Based on a conversation with Katrin Helene-Deeg in May 2022
Debbie Warner joined the New Dawn Traders team earlier in 2022 as our go-to wine expert and forger of wine-based-relationships. With the aim of expanding the NDT wine portfolio and supporting our wholesale partnerships, Debbie brings a barrel of experience to the table: 7 years (and counting) in wine sales, countless hours in the hospitality industry, a WSET (Wine & Spirit Education Trust) Educator certification, and a BSc in marine biology.
Debbie also founded and runs Wild Wine School from vineyards around Cornwall. There she shares her enthusiasm for sustainable viticulture and minimal intervention wine-making through a range of wine courses, from Introduction to Wild Wines to dip your toes, to multiple-day WSET courses to dive deeper.
Debbie’s first task on the NDT agenda has been to work with the team at The Pig hotel group where this summer you can enjoy a glass of Bal da Madre Red or Bal da Madre White as their new house wines. These are both low-intervention and vegan, made with wild yeasts and organic methods by Gil Taveira of Miss Vitis Wines, in Portugal’s Beira Interior. In June, boxes of these wines made the 1-2 week journey from Porto to Penzance aboard gaff ketch Klevia.
We spoke with Debbie to hear what it’s been like to enter the world of wine shipped by sail.
New Dawn Traders: You must have learned quite a bit in your years in sales for a wine wholesaler. How do you see this fitting into your work with New Dawn Traders?
Debbie Warner: This may seem like a romantic idea of sales, but my favourite part of sales is creating relationships with people. When I’ve built a relationship, the transaction doesn’t feel transactional – it feels like I’m enabling people to access the products I love.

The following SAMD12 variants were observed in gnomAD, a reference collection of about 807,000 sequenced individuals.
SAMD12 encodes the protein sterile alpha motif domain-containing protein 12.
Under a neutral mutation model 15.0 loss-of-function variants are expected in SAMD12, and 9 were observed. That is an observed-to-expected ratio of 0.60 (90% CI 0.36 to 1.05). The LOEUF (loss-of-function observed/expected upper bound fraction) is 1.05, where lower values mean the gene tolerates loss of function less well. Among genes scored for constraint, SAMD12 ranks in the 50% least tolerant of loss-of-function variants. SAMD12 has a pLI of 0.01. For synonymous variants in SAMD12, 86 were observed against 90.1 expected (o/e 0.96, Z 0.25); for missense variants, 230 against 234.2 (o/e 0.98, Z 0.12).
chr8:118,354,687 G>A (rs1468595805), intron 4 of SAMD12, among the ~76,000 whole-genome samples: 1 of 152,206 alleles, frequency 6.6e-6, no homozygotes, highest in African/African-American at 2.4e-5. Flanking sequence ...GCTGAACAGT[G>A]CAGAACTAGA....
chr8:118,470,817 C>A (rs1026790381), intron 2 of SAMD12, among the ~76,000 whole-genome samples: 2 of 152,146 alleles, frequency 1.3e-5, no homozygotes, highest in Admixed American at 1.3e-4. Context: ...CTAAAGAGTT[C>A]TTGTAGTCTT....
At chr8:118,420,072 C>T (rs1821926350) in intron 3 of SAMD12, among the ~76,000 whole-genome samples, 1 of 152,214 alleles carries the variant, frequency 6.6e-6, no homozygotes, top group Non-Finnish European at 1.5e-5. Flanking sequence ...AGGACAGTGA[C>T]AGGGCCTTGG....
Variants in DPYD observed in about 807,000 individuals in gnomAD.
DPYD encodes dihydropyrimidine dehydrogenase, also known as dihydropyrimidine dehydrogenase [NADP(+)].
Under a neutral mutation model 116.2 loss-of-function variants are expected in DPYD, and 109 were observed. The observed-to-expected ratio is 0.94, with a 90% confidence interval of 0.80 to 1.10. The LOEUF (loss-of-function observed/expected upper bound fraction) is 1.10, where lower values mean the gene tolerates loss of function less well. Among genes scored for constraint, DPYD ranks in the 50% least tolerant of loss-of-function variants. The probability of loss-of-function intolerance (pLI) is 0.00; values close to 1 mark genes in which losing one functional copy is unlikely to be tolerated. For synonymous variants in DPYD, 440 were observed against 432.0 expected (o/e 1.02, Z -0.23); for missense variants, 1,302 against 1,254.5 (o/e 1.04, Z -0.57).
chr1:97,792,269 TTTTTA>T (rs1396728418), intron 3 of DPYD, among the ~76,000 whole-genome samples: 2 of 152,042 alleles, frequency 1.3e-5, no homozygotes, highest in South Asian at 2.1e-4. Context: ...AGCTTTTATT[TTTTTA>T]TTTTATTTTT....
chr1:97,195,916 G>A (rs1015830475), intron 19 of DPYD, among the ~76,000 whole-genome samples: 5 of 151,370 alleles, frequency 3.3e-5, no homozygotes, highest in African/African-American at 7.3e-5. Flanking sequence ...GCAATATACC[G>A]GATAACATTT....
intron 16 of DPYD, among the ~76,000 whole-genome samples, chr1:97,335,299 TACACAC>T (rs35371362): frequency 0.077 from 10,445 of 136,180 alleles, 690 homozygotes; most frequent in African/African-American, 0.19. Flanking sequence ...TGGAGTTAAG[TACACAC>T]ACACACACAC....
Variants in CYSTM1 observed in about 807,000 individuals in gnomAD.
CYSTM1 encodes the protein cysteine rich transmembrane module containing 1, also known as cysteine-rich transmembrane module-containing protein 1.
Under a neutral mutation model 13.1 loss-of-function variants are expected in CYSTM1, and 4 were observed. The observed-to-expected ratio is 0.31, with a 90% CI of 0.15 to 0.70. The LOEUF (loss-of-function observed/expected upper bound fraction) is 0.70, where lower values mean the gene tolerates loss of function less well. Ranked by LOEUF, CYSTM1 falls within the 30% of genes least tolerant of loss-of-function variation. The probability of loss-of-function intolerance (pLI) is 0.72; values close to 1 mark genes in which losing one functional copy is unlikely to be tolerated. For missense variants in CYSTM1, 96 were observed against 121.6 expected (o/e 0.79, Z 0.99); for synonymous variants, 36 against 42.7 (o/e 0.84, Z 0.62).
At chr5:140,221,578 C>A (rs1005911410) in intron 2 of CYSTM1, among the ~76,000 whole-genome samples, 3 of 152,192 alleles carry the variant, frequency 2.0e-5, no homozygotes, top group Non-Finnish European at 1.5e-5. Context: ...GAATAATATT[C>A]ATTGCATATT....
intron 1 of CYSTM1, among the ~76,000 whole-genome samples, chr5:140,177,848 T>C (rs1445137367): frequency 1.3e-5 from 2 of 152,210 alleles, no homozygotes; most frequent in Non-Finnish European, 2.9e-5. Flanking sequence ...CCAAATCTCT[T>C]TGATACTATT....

So at NDT there are different levels of relationships we are always cultivating to do just that: there’s the relationship between us and the producer, there’s the relationship between us and the people who drink the wine, and then there’s this third relationship that is important – the relationship between the people who drink the wine and the producers.
NDT: What is something outsiders find surprising about your work?
DW: That I don’t spend all day drinking or tasting wine! My work actually involves loads of sitting on a computer looking at spreadsheets.
NDT: What’s your favourite part of your work?
DW: Tasting wines with the people who have made them, seeing their vineyards and taking in the full experience of what goes into a bottle.
NDT: How did you transition from marine biology to the wine world?
DW: I always wanted to be a marine biologist as a kid. So I went to university and studied marine biology, and oceanography and worked with turtles. But then I realised I didn’t want to be an academic, so I thought about converting to environmental law. Then I was told I would either be working for free, or I’d be working for the people that I was trying to work against – basically defending oil giants.
A bit disillusioned, I ended up moving back to London and managing a shop. All the while I was spending time in Cornwall with my boyfriend at the time – I loved being by the coast and realised I really just wanted to live by the sea. It has always been such a special and important place for me. So I found work at a restaurant here in Cornwall and I was put on a WSET course by my employer. And I loved it.